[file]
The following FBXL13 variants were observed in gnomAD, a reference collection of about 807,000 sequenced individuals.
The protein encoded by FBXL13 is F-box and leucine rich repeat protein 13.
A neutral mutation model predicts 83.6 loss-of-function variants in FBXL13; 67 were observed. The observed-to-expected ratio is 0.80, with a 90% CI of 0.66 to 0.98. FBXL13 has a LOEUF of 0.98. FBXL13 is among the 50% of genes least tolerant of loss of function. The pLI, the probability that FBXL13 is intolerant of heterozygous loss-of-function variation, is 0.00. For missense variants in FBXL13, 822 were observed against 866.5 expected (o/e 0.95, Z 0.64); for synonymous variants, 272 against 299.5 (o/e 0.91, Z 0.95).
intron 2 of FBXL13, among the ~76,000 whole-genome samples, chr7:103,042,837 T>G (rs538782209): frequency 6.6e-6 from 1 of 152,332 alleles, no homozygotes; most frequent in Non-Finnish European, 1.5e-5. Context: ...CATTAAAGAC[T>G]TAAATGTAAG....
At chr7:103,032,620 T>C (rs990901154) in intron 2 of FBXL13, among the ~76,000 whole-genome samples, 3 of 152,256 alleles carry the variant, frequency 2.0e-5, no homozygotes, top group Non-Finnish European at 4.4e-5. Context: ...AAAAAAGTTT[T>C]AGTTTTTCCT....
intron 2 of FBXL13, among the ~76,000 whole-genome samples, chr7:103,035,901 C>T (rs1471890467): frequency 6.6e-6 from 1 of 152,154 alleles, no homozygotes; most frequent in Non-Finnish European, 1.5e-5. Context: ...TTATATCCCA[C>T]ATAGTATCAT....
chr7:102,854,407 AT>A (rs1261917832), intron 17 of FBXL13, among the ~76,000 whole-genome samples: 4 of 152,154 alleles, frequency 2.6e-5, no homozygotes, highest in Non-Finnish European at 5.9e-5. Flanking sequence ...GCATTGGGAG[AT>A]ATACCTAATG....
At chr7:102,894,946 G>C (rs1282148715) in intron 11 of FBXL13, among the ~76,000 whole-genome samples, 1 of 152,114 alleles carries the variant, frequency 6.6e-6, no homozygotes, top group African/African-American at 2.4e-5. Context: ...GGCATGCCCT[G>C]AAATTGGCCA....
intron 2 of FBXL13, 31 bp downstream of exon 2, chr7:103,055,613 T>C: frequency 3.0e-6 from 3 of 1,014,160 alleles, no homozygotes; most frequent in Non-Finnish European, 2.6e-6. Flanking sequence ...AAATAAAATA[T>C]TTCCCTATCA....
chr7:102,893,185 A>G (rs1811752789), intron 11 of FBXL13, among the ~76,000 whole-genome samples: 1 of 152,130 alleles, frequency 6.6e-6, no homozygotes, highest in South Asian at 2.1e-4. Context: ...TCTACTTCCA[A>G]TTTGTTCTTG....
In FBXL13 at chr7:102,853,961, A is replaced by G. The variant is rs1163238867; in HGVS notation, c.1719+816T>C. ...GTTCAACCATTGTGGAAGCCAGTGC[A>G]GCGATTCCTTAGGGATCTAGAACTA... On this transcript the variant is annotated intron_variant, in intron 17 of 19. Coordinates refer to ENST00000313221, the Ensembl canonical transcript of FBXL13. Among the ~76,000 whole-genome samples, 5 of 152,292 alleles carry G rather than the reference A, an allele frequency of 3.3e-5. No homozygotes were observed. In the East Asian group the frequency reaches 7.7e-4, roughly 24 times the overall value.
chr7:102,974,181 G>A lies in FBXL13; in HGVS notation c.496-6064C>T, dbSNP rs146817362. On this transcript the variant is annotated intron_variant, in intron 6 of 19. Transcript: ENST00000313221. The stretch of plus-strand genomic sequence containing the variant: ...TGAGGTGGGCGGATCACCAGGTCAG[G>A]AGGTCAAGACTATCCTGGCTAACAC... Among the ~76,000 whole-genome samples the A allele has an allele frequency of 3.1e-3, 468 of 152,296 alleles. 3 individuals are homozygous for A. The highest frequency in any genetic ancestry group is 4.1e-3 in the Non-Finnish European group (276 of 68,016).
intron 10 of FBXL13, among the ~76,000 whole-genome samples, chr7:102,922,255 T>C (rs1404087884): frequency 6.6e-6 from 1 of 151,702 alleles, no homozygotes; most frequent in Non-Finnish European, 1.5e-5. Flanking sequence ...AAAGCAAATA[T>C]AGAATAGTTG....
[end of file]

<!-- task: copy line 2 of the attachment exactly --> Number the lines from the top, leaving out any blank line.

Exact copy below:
The protein encoded by FBXL13 is F-box and leucine rich repeat protein 13.